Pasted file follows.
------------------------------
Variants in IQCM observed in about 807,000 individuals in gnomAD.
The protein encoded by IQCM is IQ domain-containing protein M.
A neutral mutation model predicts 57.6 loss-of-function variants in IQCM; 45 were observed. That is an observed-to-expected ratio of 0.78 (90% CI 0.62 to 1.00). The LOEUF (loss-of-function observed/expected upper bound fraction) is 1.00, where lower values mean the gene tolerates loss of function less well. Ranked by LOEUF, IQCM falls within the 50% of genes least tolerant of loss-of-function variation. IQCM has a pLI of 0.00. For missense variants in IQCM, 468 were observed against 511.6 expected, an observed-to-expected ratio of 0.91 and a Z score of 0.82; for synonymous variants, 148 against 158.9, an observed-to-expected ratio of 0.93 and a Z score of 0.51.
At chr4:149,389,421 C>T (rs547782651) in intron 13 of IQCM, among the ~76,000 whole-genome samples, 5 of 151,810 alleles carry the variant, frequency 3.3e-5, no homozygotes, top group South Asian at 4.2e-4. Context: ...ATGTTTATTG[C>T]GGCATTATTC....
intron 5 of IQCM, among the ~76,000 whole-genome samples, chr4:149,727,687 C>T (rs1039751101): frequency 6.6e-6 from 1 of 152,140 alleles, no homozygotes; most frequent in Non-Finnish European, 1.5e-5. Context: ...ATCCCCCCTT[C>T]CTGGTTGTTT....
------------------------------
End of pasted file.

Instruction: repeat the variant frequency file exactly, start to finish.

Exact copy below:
Variants in IQCM observed in about 807,000 individuals in gnomAD.
The protein encoded by IQCM is IQ domain-containing protein M.
A neutral mutation model predicts 57.6 loss-of-function variants in IQCM; 45 were observed. That is an observed-to-expected ratio of 0.78 (90% CI 0.62 to 1.00). The LOEUF (loss-of-function observed/expected upper bound fraction) is 1.00, where lower values mean the gene tolerates loss of function less well. Ranked by LOEUF, IQCM falls within the 50% of genes least tolerant of loss-of-function variation. IQCM has a pLI of 0.00. For missense variants in IQCM, 468 were observed against 511.6 expected, an observed-to-expected ratio of 0.91 and a Z score of 0.82; for synonymous variants, 148 against 158.9, an observed-to-expected ratio of 0.93 and a Z score of 0.51.
At chr4:149,389,421 C>T (rs547782651) in intron 13 of IQCM, among the ~76,000 whole-genome samples, 5 of 151,810 alleles carry the variant, frequency 3.3e-5, no homozygotes, top group South Asian at 4.2e-4. Context: ...ATGTTTATTG[C>T]GGCATTATTC....
intron 5 of IQCM, among the ~76,000 whole-genome samples, chr4:149,727,687 C>T (rs1039751101): frequency 6.6e-6 from 1 of 152,140 alleles, no homozygotes; most frequent in Non-Finnish European, 1.5e-5. Context: ...ATCCCCCCTT[C>T]CTGGTTGTTT....